CHICAGO — The player at the center of the last Little League scandal 14 years ago said Jackie Robinson West shouldn't have been stripped of its Little League U.S. title and suspects race might have been a factor in the outcome.
Danny Almonte — the star pitcher who was the centerpiece of a 2001 scandal that led to his Rolando Paulino All-Stars Bronx Little League team forfeiting its wins — said teams using geographically ineligible players is commonplace around the country and internationally.
"Everybody do the same thing," Almonte, a native of the Dominican Republic, told DNAinfo Chicago Wednesday night. "Everybody take guys from different [places]."
Justin Breen says Almonte feels this wasn't the kids' fault:
Almonte also suspects race played a part in Little League's decision to take away JRW's crown.
"Those African-American kids did good, and they want to take that away from them. I don't think that's fair," said Almonte, who said he heard the news that JRW lost its title while watching ESPN.
"I don't want to sound racist, but it's always something against Latin or African-American teams."
Almonte's team finished third in the Little League World Series but forfeited its victories after it was proven Almonte was 14 when he pitched, two years older than the team claimed and above the Little League age limit. Reports eventually surfaced that the team's coach, Rolando Paulino, and Almonte's father, Felipe, were part of the scheme to conceal his true age.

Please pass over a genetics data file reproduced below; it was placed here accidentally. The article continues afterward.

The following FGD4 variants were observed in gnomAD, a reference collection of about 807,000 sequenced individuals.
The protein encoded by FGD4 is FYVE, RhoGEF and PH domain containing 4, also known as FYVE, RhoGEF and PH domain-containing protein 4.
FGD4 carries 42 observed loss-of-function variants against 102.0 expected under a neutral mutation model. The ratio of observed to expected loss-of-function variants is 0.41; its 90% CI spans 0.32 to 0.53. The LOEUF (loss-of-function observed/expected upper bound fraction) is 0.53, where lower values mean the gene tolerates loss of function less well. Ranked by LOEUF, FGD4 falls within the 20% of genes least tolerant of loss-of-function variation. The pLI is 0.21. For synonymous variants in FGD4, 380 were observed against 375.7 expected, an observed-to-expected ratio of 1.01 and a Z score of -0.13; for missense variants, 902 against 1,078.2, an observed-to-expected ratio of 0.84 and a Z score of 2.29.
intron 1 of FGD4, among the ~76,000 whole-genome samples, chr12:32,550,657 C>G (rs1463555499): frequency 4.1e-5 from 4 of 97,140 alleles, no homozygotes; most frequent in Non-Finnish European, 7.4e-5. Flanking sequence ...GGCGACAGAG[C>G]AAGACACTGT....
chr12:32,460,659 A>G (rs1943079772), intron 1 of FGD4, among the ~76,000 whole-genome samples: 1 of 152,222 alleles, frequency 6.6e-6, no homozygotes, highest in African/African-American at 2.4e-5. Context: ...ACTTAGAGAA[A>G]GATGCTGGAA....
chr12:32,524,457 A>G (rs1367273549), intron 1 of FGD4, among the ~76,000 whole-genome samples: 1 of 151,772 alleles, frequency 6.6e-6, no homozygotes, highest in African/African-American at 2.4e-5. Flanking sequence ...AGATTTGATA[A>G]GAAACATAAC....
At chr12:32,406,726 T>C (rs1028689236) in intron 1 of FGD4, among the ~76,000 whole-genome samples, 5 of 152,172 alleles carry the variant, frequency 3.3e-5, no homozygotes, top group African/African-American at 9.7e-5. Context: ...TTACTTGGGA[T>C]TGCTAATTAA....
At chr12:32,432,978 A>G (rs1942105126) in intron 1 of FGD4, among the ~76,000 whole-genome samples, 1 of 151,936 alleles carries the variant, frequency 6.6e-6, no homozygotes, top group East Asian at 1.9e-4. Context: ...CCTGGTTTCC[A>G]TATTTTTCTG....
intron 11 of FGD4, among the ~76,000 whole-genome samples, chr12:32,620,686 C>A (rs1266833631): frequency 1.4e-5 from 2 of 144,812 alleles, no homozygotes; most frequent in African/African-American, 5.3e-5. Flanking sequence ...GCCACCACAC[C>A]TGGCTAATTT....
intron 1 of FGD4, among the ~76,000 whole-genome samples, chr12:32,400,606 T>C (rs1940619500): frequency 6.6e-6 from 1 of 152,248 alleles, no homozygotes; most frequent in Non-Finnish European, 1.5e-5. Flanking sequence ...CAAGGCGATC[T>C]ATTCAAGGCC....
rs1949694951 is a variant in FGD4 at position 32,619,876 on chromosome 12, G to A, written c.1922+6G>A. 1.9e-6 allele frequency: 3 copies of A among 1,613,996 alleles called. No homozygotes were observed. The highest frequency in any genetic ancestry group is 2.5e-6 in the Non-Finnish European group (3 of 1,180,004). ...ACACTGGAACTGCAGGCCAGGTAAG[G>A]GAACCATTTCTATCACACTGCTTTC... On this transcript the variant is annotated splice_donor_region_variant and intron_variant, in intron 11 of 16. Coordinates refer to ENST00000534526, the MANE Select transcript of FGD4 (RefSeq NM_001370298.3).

"When I used to play, my father and the coach and the other coaches at that time, I know they messed up, but it wasn't my fault," said Almonte, 27, who said he currently moves heavy furniture into new hotel buildings in addition to serving as an assistant baseball coach at Cardinal Hayes High School in New York City.
"And it's not those kids' [JRW] fault either," Almonte added. "That's not fair to them. That's not fair for the whole Chicago city. I know you are proud of that team."
Almonte said while he did not watch much of this year's Little League World Series, he said JRW "played the game the right way."
"Their coaches, they're teaching those kids how to play the right way, how to respect the game," Almonte said. "They were there for one goal: to win the whole Little League [title]. Those kids, they did their job. They played the game the way they're supposed to play. There are a lot of teams that go there [to the Little League World Series], and they don't even know what they're doing."
Almonte hasn't reached out to any JRW players or team personnel, but he said the players should be proud of their on-field accomplishments.
"Just work harder and make sure you make it," Almonte said. "Don't worry about what happened. Just keep doing what you're doing. Just don't pay attention to it. They did the same thing to me. I never stopped. I kept playing and trusted myself. That's something that happened, and it's not baseball."
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